“I think it’s an important point to make – these are individuals who have been promoted for what they bring to the cabinet, they also reflect the New Zealand that elected them.”
Mr Robertson, 49, has long acted as Ms Ardern’s right-hand man – he controlled the government’s purse strings as finance minister during her first term and was chief strategist of her election campaign.
The deputy’s role – which he will hold along with the finance and infrastructure portfolios – formalises his position and will see him become acting prime minister when Ms Ardern is overseas.
Asked about the significance of having a gay man as her second in command, Ms Ardern said Mr Robertson was selected for his leadership abilities, not how he identified.
“One of the amazing things about New Zealand is that we are often in a space where these questions become secondary,” she said.
Ms Mahuta, the first woman to become New Zealand foreign minister, was elected to parliament in 1996 but got the traditional tattoo in 2016 at the urging of her daughter.
The distinctive decoration is unique to her, although it has design elements specific to her iwi, or tribe. The male moko covers the entire face.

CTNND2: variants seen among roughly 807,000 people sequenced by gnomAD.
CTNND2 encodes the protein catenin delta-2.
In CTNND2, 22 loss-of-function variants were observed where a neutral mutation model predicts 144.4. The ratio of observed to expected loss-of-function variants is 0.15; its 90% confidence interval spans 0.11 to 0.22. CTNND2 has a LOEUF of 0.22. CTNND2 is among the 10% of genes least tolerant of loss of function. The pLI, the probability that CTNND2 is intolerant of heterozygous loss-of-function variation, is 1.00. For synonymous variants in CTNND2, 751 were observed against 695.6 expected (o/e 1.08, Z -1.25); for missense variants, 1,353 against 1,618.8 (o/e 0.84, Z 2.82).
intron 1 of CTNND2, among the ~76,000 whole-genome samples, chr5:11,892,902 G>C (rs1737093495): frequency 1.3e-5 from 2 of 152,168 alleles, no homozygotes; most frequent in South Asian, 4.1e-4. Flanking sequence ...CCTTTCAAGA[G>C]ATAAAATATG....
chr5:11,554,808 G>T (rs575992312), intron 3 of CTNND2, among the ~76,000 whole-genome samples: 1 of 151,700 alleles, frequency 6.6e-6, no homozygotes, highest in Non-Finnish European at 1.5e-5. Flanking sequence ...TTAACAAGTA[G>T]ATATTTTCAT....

At the time, Ms Mahuta said the tattoo was a way to both honour her ancestors and reduce stigma surrounding an aspect of Maori culture that many New Zealanders have associated with crime and gangs.
“She’s someone who builds fantastic relationships very, very quickly and that is one of the key jobs in a foreign affairs role,” Ms Ardern said of her new chief diplomat.
Maori and Pacific islanders comprise just under a quarter of the population but are vastly over-represented in statistics on crime, poverty and prisons.
Ms Ardern said it was simply a coincidence that her ministers for justice, courts, domestic violence, corrections and the police came from these communities.
“My focus was just (choosing the) best person for the job,” she said.